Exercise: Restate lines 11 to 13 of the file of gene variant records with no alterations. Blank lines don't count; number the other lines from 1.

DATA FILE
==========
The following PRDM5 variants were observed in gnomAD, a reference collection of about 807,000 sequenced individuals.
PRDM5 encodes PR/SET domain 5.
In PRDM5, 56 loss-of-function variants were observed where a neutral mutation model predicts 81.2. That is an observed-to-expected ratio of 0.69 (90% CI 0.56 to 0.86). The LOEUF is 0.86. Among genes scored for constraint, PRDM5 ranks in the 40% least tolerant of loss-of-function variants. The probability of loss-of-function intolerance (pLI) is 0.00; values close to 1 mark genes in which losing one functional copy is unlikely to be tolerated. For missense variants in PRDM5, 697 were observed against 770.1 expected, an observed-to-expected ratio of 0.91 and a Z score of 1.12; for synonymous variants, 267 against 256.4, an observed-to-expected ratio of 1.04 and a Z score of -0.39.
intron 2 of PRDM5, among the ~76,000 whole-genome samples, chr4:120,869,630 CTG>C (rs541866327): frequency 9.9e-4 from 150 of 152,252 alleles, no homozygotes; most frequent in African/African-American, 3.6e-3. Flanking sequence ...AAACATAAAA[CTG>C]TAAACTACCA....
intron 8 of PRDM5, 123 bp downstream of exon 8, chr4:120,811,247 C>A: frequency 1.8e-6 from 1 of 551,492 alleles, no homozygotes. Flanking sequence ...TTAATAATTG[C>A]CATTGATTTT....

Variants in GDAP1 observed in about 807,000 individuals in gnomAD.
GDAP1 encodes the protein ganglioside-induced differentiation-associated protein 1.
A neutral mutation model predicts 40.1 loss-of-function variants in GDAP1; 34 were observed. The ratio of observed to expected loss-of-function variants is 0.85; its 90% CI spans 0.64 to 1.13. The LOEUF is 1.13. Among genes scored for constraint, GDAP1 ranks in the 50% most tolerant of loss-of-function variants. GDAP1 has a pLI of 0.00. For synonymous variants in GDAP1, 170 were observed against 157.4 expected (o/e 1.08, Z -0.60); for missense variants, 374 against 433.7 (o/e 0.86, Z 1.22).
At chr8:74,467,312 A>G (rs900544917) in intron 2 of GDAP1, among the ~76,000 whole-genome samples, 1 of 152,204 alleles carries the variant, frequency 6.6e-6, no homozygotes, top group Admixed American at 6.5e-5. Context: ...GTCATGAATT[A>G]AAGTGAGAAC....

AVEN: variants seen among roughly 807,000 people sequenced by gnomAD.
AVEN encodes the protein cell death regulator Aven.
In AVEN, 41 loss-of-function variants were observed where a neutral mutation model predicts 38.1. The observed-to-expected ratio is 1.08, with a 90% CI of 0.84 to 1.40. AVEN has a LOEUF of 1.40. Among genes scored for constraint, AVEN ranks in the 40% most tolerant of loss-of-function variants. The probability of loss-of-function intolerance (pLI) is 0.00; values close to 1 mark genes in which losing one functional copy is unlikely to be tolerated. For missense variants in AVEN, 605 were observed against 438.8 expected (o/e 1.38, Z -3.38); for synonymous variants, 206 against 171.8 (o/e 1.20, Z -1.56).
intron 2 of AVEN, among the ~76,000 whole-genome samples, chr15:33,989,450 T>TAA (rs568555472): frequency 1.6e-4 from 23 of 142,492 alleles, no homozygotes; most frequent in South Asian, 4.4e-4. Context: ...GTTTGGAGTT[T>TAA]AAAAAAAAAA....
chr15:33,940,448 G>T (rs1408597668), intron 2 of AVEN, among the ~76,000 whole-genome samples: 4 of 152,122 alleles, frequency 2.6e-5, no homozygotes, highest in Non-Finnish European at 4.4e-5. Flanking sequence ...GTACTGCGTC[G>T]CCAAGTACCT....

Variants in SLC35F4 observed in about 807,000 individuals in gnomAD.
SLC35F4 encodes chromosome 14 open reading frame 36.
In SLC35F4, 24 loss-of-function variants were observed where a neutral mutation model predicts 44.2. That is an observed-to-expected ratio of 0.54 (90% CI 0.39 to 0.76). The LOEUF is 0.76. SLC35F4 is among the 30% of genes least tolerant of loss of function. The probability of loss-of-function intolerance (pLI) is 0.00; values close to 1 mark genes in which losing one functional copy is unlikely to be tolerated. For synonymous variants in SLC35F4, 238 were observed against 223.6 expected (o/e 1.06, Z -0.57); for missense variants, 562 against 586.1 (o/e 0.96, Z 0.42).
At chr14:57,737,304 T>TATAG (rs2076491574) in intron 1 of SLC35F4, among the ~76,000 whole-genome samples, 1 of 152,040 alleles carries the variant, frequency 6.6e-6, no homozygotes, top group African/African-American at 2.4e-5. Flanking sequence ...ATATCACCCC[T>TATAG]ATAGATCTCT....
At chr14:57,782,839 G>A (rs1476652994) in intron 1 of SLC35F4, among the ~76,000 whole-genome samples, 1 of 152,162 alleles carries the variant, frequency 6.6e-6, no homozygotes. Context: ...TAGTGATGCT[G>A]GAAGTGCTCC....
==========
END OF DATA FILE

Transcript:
AVEN encodes the protein cell death regulator Aven.
In AVEN, 41 loss-of-function variants were observed where a neutral mutation model predicts 38.1. The observed-to-expected ratio is 1.08, with a 90% CI of 0.84 to 1.40. AVEN has a LOEUF of 1.40. Among genes scored for constraint, AVEN ranks in the 40% most tolerant of loss-of-function variants. The probability of loss-of-function intolerance (pLI) is 0.00; values close to 1 mark genes in which losing one functional copy is unlikely to be tolerated. For missense variants in AVEN, 605 were observed against 438.8 expected (o/e 1.38, Z -3.38); for synonymous variants, 206 against 171.8 (o/e 1.20, Z -1.56).
intron 2 of AVEN, among the ~76,000 whole-genome samples, chr15:33,989,450 T>TAA (rs568555472): frequency 1.6e-4 from 23 of 142,492 alleles, no homozygotes; most frequent in South Asian, 4.4e-4. Context: ...GTTTGGAGTT[T>TAA]AAAAAAAAAA....